More threads by djbaxter


Jun 28, 2012
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Automattic Adds AMP Support to, Releases Plugin for Self-Hosted Sites
by Sarah Gooding, WordPress Tavern
February 24, 2016

What makes AMP pages load so quickly? Google has a strict set of optimizations that are employed to improve mobile loading:

  • Allow only asynchronous scripts
  • Size all resources statically
  • Don?t let extension mechanisms block rendering
  • Keep all third-party JavaScript out of the critical path
  • All CSS must be inline and size-bound
  • Font triggering must be efficient
  • Minimize style recalculations
  • Only run GPU-accelerated animations
  • Prioritize resource loading
  • Load pages in an instant

To see just how fast AMP is, check out the Google search demo at

Automattic also released a plugin that allows self-hosted WordPress users to take advantage of the mobile performance improvements offered by AMP. The plugin has been tested since October and is currently active on 8,000 installs. For most users, it?s as easy as installing the plugin and activating it. The default styles are fairly generic but developers can refer to the documentation on GitHub to further customize AMP styles.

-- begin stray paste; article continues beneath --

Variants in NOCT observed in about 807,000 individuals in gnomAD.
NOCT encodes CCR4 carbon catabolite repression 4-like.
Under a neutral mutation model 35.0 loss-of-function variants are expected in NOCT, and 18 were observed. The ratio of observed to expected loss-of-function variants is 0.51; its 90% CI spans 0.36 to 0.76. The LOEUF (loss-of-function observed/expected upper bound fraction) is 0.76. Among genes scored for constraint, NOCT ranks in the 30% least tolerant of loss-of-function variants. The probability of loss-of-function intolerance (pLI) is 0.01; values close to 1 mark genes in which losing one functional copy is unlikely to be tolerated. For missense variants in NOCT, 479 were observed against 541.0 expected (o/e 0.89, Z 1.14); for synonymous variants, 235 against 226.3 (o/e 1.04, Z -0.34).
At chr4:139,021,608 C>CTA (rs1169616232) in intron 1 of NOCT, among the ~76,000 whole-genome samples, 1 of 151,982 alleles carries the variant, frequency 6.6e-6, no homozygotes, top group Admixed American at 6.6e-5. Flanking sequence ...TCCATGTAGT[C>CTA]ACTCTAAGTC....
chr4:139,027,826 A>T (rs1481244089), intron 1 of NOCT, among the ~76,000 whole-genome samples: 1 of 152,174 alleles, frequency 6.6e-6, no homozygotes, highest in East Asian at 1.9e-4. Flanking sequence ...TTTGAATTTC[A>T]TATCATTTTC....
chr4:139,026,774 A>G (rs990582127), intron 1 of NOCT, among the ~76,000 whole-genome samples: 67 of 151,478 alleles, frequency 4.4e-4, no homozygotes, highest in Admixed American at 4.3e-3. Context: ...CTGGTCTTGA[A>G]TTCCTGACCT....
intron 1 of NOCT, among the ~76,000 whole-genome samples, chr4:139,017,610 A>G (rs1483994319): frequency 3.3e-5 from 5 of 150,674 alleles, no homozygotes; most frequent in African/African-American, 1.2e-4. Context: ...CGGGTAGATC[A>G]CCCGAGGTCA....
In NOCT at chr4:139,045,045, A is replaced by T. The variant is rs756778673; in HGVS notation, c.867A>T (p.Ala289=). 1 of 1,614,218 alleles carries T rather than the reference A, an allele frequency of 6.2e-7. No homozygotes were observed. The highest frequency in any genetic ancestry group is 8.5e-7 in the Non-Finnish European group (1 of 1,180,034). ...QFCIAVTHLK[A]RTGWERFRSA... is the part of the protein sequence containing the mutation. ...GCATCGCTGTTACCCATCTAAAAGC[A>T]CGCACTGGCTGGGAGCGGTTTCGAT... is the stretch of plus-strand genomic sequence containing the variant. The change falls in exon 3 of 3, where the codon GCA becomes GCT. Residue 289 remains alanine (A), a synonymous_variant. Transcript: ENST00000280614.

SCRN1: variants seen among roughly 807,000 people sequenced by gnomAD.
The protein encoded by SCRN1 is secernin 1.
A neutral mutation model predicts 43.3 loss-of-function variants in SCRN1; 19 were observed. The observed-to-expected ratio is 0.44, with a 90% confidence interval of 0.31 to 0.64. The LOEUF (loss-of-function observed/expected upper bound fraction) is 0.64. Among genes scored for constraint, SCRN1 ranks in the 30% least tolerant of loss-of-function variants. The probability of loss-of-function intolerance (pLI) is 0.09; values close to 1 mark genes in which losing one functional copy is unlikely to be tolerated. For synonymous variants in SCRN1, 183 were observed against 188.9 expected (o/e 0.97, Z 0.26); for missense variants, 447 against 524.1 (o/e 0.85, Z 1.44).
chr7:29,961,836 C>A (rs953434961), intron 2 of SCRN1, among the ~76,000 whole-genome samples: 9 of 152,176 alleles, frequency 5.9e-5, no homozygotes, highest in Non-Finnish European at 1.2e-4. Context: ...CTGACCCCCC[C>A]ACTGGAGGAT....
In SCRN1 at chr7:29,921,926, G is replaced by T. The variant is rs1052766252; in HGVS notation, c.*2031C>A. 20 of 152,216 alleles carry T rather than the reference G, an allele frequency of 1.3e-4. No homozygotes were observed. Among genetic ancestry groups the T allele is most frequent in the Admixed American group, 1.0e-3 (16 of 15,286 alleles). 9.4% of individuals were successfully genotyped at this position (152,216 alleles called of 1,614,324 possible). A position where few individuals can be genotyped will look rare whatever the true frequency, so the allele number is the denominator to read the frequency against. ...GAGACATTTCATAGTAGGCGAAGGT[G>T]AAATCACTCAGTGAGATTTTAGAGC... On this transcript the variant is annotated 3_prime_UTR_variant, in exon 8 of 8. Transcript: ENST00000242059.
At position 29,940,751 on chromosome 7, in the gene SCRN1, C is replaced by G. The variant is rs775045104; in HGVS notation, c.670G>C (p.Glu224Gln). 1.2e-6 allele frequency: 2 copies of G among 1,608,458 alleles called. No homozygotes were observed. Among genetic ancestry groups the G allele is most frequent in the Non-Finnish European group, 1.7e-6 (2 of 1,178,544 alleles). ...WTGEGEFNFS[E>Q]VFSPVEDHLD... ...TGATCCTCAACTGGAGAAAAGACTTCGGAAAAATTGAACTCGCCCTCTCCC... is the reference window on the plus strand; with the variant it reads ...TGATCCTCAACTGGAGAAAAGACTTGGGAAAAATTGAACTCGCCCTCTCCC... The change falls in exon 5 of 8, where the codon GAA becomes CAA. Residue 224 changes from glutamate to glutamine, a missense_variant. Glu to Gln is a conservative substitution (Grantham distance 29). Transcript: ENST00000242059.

1. There is an error in the Wordpress Tavern article: To check your amp versions of posts, append /?amp to the end of the URL rather than /amp/ which on some installations will generate a 404 not found error.
  2. The plugin does not serve up AMP versions of WordPress pages, just posts.
Cool stuff.

I finally got off my butt and did a little reading to wrap my head around whether or not I need to be paying attention to AMP (read: doing this for clients) so if you've found this thread, and you're like me and you've heard of AMP (or not) but don't fully grasp it's significance, this article's from December and will get you up to speed in about 10 minutes:

One of the more important quirks I wasn't aware of... Google's planning on caching your AMP pages. Meaning if you want your page load speed to be extra fast, but your hosting is slow, undistributed, or otherwise some kind of a bottleneck, that goes away for free if you follow Google's AMP rules, since they'll be the ones hosting the cached file they serve customers. I'm curious how fast page changes would go 'live' for visitors though, hopefully there's a way to ping Google and let them know you changed the page (if there is, I imagine a wordpress plugin Automattic would do it automatically?)

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